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Music industry discovers the value of free

In a time where the most common activity in the music industry is recognizing and stopping piracy, a new player comes to the table with a bold new concept. Free.

In a time where the most common activity in the music industry is recognizing and stopping piracy, a new player comes to the table with a bold new concept. Free.

This is a new and abrupt change for a business that has been desperately fighting against a steady erosion in overall sales of recorded music. 2007 saw an estimated 10% decline over the slumped sales of 2006 to reach an anemic total of $17.6 billion globally. This is compared to a healthy $38 billion in 1998.

In the midst of demands for free music, a new player has arrived on the scene.

Qtrax made its debut on Jan. 27, complete with rap stars and invitation-only concerts. It defines itself as "the world's first free and legal peer-to-peer music service." The catch is that the tracks, while legal, will have some form of restriction that limit their usefulness to the consumer.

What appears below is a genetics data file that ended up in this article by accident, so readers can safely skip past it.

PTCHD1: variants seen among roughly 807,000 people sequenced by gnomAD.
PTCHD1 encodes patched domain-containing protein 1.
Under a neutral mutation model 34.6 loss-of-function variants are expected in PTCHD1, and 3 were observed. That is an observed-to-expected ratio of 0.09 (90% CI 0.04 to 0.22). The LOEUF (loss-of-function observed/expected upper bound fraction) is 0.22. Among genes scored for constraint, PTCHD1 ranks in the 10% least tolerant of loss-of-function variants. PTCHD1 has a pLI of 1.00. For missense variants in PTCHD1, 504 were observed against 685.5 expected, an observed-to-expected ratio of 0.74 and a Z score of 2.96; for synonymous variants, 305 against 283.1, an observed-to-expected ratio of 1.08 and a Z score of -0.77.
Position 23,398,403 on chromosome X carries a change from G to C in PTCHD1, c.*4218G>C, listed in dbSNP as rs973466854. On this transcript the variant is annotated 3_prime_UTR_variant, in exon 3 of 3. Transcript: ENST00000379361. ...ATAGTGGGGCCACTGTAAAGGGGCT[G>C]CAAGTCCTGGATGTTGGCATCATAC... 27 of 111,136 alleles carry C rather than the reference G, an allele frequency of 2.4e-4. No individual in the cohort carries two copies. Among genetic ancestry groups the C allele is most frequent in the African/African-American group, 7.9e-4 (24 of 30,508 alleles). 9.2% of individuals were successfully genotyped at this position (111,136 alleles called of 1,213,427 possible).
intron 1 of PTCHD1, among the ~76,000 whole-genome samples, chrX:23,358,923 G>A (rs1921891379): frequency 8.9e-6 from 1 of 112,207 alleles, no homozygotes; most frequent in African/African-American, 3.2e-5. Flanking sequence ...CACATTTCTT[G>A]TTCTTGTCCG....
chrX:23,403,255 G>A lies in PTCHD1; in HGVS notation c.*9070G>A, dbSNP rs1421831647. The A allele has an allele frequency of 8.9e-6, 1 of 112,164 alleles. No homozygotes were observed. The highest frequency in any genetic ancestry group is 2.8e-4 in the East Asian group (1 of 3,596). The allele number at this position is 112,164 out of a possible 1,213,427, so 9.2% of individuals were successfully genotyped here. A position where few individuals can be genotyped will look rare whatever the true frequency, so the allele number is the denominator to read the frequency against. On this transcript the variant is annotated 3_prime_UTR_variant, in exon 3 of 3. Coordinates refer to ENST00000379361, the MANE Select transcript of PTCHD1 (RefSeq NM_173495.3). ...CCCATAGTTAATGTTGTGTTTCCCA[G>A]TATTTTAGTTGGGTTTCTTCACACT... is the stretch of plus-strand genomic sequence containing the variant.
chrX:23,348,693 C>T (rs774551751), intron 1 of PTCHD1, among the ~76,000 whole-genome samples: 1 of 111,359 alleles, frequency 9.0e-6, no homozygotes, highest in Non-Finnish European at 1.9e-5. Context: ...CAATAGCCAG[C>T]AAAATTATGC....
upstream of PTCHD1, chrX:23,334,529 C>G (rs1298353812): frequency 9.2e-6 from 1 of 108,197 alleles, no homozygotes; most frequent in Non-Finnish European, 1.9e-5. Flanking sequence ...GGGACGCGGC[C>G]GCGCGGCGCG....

From the International Herald Tribune:

Outside of the Apple ecosystem of digital music, which ties purchased songs to its brand of player, the choice for consumers seems to be coming down to music that is free of monetary cost but restricted, or music for a set price that can be played on any device.

A year ago, many in the record business were dismissive and downright suspicious of letting their music loose on the Web in the plain-vanilla MP3 format without being controlled by a set of digital locks and keys, known as digital rights management, or DRM.

But in just the past seven months, all four of the major recording companies have agreed to allow DRM-free licensing of their catalogs of music. Earlier this month, Amazon MP3, the online retailer's new music store, signed up Sony BMG's unrestricted catalog, with individual tracks for sale at 89 cents each.

While this is a change in the industry stance until now, there are still questions. Qtrax will not disclose details about the DRM that accompanies each track. Furthermore, the songs will not be portable until Feb. 29, Mac-compatible until mid-March, or playable on an iPod until April 15.

Still, for its shortcomings at the near term, the industry seems to be solidly behind the Qtrax effort. It allows them the opportunity to do what file sharing has been doing for some time — examine the business model of free music and potentially move to a model that's more open than iTunes.

What do you think that the impact of free, downloadable music will be? Or will you still not touch it because of the DRM payload?

More information:

Qtrax aims to offer iPod-friendly tracks (MSNBC)

The music industry appears to see sense! (Geek News Central)

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